On the first day in Santiago after completing my pilgrimage, I got up in the dark as I did through most of my Camino. I wanted to get to the pilgrim office, Oficina de Acollida Ao Peregrino, by the 8:00 opening. When I arrived at 8:10, there was already a line. There, I got the final sellos (stamps) for my credenciale , and I was awarded the Compostela with my Latinized name, “Catherinem” (?), and a certificate (for 3€) telling how many kilometers I’d walked (799 km!).
I returned to my room to drop the Compostela, then went to have churros and chocolate and a terrible Cafe Americano at a cafe near my hotel.
After breakfast, I headed for the Cathedral, where I walked around the various chapels. I also walked up the stairs into the High Altar, where I hugged the statue of the Apostle St. James from behind and gave him thanks for my pilgrimage.
Out on Praza do Obradoiro, a group of protestors was making a racket by banging on metal pans and playing instruments in a cacophony of obnoxious sound. It seemed to go on forever. I never found out what they were protesting.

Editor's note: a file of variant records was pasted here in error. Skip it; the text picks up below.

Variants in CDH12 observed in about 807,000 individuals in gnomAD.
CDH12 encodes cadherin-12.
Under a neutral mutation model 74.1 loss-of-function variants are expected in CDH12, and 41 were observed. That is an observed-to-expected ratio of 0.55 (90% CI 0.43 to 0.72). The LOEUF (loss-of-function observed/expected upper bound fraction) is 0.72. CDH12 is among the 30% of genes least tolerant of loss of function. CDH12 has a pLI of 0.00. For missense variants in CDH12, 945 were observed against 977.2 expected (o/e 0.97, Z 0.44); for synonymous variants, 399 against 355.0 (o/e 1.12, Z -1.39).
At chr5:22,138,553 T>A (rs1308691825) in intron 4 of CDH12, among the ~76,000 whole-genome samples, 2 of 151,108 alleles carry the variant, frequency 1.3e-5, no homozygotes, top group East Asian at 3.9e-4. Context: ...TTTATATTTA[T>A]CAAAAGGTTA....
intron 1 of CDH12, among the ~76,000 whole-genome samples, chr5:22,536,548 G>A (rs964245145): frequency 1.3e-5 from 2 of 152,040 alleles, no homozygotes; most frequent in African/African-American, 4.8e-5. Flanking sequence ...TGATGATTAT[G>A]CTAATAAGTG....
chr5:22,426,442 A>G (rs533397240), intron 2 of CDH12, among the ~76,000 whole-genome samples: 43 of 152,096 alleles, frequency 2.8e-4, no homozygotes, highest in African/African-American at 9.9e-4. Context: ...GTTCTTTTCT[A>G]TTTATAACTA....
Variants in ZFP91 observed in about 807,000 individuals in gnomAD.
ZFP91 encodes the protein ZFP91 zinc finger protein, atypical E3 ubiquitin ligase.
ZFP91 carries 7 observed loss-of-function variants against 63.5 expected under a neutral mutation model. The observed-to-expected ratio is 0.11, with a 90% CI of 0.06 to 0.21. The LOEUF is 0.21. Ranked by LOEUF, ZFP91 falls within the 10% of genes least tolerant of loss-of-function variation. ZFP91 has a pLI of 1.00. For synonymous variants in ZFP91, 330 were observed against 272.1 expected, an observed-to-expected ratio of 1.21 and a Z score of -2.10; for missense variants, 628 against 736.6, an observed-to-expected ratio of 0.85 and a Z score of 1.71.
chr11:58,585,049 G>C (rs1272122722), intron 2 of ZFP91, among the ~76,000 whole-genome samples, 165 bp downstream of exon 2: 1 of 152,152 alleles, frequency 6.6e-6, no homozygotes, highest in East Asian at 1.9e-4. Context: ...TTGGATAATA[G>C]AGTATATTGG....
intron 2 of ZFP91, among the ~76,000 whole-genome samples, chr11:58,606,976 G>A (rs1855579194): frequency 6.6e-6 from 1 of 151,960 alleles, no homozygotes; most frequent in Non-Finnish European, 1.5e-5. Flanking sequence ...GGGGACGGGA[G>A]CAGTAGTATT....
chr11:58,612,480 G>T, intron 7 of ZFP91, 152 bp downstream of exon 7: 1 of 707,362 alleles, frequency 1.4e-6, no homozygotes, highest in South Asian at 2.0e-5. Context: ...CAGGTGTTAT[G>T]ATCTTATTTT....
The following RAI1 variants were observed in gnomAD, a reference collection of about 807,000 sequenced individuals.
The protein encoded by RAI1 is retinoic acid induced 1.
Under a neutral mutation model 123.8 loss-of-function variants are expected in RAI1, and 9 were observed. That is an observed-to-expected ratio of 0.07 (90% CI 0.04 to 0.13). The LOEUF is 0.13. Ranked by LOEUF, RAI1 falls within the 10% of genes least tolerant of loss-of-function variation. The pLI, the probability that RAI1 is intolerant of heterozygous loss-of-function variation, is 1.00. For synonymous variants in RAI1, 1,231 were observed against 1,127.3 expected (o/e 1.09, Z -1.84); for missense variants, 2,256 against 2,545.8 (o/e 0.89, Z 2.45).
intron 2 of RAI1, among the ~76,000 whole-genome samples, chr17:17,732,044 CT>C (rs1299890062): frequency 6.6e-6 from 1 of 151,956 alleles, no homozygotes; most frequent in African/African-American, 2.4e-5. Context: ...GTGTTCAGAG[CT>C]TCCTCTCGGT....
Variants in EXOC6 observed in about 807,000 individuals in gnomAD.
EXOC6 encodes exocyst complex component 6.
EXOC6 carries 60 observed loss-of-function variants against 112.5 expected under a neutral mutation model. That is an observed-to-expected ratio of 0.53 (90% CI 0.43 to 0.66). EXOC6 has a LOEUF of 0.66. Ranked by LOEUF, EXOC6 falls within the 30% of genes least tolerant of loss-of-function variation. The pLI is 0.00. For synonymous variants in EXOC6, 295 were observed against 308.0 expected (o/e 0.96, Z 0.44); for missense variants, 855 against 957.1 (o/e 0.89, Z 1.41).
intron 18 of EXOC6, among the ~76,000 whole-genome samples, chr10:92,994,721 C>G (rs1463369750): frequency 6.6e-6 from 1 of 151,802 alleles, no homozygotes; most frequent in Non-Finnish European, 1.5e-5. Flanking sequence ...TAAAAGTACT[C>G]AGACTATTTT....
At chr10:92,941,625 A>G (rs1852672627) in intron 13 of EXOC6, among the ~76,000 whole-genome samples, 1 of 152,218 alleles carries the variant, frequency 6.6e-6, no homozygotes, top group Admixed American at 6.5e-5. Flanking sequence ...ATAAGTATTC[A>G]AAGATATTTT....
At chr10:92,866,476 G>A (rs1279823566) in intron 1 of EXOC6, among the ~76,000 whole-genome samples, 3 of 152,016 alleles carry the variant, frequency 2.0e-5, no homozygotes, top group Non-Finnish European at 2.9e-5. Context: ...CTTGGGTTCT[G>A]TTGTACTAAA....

I ran into Greg and Sean going with Darina into the Cathedral rooftop tour, but I didn’t have a chance to talk much to them.
At 11:00, I went to the Cathedral to get a seat for the noon pilgrim mass. Darina arrived much later, after her rooftop tour, and sat in the back. I hadn’t had a seat for the German mass the day before, and I wanted to enjoy the experience from a different angle. This time I sat in the nave of the cathedral, looking directly at the altar. In the apse, the statue of St. James presided over the nave from on high. All through the mass, I could see heads popping through the opening as pilgrims and visitors hugged the Saint from behind. It was strangely disconcerting.
This time there was a youth choir and the priest mentioned peregrinos and where they were from, naming countries all over the world. They swung the Botafumeiro again at this mass, but we had a different view than we’d had the day before; we’d sat in the transept during the German mass. We only saw the huge incense burner as it went back and forth in front of the altar; it disappeared into the transept!
After the mass, I went to have some lunch at a cozy restaurant. I had a tinto verrano and asparagus omelet and bread. I browsed through a couple of shops and then went through the 14th century Casa Gótica, with its pilgrimage museum (museo das Peregrinaciónes).